Independent review report on Manitoba Hydro megaprojects coming Friday
Former Sask. premier Brad Wall was hired in 2019 to investigate the projects and reasons behind cost overruns
The report from a long-awaited independent review of two Manitoba Hydro megaprojects — the Keeyask generation project and the Bipole III transmission project — will be released on Friday.
Premier Brian Pallister announced Wednesday that the review would be out Friday, while ripping into the Manitoba NDP, which ordered the projects when it was the ruling party. Both projects went on to face huge overruns.
"It's a $10-billion burden put on Manitobans. That raises some questions," Pallister said. "That burden means pressure on Hydro rates, pressure that will continue because of those investments, pressure that will grow, I'm sure, over many years to come.
"It's unprecedented in the history of our province."
The Keeyask generating station, which began producing electricity last week after nearly seven years of construction, was originally projected to cost $6.5 billion and expected to be in service by November of 2019. In March 2017, Hydro revised the cost estimate to $8.7 billion.
Former Saskatchewan premier Brad Wall was hired by the Manitoba government in 2019 to probe the cost overruns on the projects.
Wall looked into "every aspect of the decision-making process that led to the construction plans being pushed forward" as well as how it went off the rails, according to Pallister.
"How did it happen that these projects which we were promised … wouldn't cost us a cent, turned out so badly?" he said, noting the cost overruns tripled the debt of Manitoba Hydro.
"Manitobans deserve to know why this happened, they deserve to know how it happened … so that we make sure these types of mega-disasters don't happen again," he said, adding he has seen a draft of the report and has "a pretty good idea" of its general direction.
Review led by 'king of coal': NDP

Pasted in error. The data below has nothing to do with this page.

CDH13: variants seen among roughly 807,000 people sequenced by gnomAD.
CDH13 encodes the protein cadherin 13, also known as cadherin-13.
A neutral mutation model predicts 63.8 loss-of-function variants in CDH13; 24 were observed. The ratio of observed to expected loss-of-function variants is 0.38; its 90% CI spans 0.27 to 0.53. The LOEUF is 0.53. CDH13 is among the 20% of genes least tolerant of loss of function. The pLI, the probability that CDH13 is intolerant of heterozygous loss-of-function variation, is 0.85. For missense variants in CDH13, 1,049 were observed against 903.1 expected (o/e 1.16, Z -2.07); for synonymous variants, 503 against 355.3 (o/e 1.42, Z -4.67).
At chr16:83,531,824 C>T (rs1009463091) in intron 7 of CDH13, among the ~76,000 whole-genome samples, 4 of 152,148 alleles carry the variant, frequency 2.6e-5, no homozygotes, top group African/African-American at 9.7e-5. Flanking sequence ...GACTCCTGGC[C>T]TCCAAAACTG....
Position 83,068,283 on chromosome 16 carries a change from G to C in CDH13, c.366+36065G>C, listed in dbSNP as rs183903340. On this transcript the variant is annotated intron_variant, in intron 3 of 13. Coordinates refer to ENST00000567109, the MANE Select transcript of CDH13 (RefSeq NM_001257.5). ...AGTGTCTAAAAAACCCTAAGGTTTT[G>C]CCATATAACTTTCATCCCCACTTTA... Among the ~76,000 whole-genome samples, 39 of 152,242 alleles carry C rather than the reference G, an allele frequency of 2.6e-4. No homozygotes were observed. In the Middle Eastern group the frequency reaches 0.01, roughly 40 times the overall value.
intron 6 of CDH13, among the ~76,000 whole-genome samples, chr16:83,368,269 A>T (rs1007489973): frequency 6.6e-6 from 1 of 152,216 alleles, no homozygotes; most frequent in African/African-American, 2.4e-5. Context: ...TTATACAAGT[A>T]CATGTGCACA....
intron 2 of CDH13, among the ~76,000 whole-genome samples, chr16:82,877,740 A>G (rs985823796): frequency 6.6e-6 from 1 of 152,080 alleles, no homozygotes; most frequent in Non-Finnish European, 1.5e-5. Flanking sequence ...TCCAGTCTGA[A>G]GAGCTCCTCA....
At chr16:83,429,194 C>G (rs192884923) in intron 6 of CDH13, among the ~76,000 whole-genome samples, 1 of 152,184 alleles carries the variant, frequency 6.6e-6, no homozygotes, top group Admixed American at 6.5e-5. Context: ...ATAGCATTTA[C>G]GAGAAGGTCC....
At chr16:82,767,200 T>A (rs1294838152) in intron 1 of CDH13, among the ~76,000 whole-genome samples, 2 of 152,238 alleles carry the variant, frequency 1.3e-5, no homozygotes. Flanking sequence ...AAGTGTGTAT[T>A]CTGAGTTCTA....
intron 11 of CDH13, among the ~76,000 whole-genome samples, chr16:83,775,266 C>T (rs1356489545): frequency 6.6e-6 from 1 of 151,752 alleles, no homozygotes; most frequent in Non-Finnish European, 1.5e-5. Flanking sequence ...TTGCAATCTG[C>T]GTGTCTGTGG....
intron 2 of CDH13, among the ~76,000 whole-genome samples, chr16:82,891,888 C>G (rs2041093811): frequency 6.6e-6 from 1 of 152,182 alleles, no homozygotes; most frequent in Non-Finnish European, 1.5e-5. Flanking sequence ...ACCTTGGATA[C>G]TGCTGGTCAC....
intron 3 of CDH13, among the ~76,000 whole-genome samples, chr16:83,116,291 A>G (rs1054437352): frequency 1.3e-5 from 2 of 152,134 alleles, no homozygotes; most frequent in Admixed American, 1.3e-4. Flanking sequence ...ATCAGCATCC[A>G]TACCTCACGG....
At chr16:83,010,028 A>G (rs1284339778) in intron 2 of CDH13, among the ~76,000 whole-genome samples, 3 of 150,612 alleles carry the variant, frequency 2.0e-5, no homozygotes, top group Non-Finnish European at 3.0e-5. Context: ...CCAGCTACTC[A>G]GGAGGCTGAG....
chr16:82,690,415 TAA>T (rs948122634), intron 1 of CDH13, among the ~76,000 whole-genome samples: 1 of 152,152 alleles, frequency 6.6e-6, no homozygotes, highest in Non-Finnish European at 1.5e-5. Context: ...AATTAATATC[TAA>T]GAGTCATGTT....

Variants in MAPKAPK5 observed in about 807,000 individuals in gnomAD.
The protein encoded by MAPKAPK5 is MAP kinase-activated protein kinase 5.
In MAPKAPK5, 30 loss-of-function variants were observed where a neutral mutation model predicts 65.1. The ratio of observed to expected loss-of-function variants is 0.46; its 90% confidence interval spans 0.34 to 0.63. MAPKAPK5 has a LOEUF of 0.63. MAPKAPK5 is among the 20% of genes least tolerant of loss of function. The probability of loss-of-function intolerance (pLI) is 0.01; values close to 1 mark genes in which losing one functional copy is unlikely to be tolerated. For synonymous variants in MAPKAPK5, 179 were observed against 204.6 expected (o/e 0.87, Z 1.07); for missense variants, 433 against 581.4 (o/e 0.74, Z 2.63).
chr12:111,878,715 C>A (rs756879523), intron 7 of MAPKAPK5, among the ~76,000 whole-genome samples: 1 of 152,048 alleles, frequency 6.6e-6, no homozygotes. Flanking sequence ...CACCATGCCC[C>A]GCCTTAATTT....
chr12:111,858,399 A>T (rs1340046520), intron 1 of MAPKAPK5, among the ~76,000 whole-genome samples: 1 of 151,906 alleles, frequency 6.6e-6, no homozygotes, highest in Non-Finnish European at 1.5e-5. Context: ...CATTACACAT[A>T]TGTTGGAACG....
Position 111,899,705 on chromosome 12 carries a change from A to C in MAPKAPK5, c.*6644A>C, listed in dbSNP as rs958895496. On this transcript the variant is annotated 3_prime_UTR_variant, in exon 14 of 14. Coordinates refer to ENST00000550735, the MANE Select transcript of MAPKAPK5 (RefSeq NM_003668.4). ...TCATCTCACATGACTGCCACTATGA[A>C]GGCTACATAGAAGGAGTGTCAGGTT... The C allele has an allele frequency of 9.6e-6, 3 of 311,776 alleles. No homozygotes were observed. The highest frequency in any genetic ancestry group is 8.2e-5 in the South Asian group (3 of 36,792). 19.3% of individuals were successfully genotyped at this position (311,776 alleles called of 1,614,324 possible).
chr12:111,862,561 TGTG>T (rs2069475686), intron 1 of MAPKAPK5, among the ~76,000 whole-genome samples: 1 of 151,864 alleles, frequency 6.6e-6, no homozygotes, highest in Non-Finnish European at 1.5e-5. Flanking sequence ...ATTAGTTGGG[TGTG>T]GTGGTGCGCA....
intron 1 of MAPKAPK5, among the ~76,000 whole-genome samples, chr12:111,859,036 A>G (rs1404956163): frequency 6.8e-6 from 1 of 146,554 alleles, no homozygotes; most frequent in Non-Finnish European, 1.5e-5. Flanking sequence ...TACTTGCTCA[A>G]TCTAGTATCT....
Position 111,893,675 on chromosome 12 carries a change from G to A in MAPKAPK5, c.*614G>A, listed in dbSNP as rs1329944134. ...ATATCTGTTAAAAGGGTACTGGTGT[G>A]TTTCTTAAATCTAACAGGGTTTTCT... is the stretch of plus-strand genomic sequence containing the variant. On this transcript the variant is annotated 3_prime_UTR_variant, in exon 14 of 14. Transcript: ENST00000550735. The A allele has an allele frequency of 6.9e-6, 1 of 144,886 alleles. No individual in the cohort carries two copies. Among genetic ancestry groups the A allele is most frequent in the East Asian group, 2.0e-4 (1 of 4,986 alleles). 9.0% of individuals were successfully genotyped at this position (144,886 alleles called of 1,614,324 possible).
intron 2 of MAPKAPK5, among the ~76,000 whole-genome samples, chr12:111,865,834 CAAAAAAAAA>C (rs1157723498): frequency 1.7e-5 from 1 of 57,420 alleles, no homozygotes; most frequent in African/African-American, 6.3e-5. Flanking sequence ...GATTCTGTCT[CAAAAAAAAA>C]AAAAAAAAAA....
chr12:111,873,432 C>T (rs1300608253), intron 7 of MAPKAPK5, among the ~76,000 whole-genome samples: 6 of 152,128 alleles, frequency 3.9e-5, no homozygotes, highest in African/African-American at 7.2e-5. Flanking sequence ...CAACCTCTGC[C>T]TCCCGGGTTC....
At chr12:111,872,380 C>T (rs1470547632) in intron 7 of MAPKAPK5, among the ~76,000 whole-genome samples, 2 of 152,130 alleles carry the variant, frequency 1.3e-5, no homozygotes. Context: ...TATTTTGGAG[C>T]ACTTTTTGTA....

Massive projects such as Keeyask that involve major financial and environmental implications would typically receive a full public hearing, Pallister said, but Keeyask did not.
He also wondered why the NDP allowed the projects to get to the construction stage before they were evaluated by the Public Utilities Board and the Clean Environment Commission.
"How were both projects able to move forward without that kind of oversight?" he said.
Opposition NDP Leader Wab Kinew said Wednesday that all investments made by Manitoba Hydro over the years have been approved by the PUB, accusing Pallister of spinning the truth.
The NDP leader criticized Wall's appointment at the time his hiring was announced, questioning how independent the report would truly be. Wall became leader of the right-of-centre Saskatchewan Party in 2004, and was the province's premier from 2007 to 2018.
"The appointment of Mr. Wall . . . emphasizes the fact that this review is just a political exercise meant to justify Mr. Pallister's cuts to Manitoba Hydro," Kinew said in a statement in 2019.
He threw more jabs on Wednesday, calling Wall "the king of coal" and saying he comes from a province that "relies on dirty electricity.
"He knows nothing about hydro electricity," Kinew said.
"I expect that this report is just going to be used as a political document for deregulation of our electricity supply here in Manitoba. And deregulation always spells higher bills for customers when it comes to hydro and electricity, and it creates an opportunity for big companies to make money at the expense of the average person."
Manitoba Liberal Leader Dougald Lamont echoed criticisms of the impartiality of the report.
"I don't expect it will be particularly fair," he said.
"It's a colossal waste of money to spend millions of dollars on yet another report to embarrass the NDP when the NDP should already be thoroughly embarrassed by their massive mismanagement of Hydro."
Pallister accused the NDP of shutting out the public and leaving the process "in the dark."
"Why would the previous government have driven Manitoba Hydro to do these projects? What role did politics play in influencing the decisions of Manitoba Hydro?" Pallister said.
"There are questions about whether the projects themselves even needed to be built."
The review was ordered to find those answers and make sure Manitobans don't see future situations where they're left without input on multibillion-dollar decisions, Pallister said.
"I would hope that members of the Opposition would welcome this opportunity to learn more about the history of these projects [and] to learn more about the decision-making processes that led to their construction," he said.
"In the meantime, I would ask most certainly that the Opposition pay attention because after all, it was their government that allowed this to happen."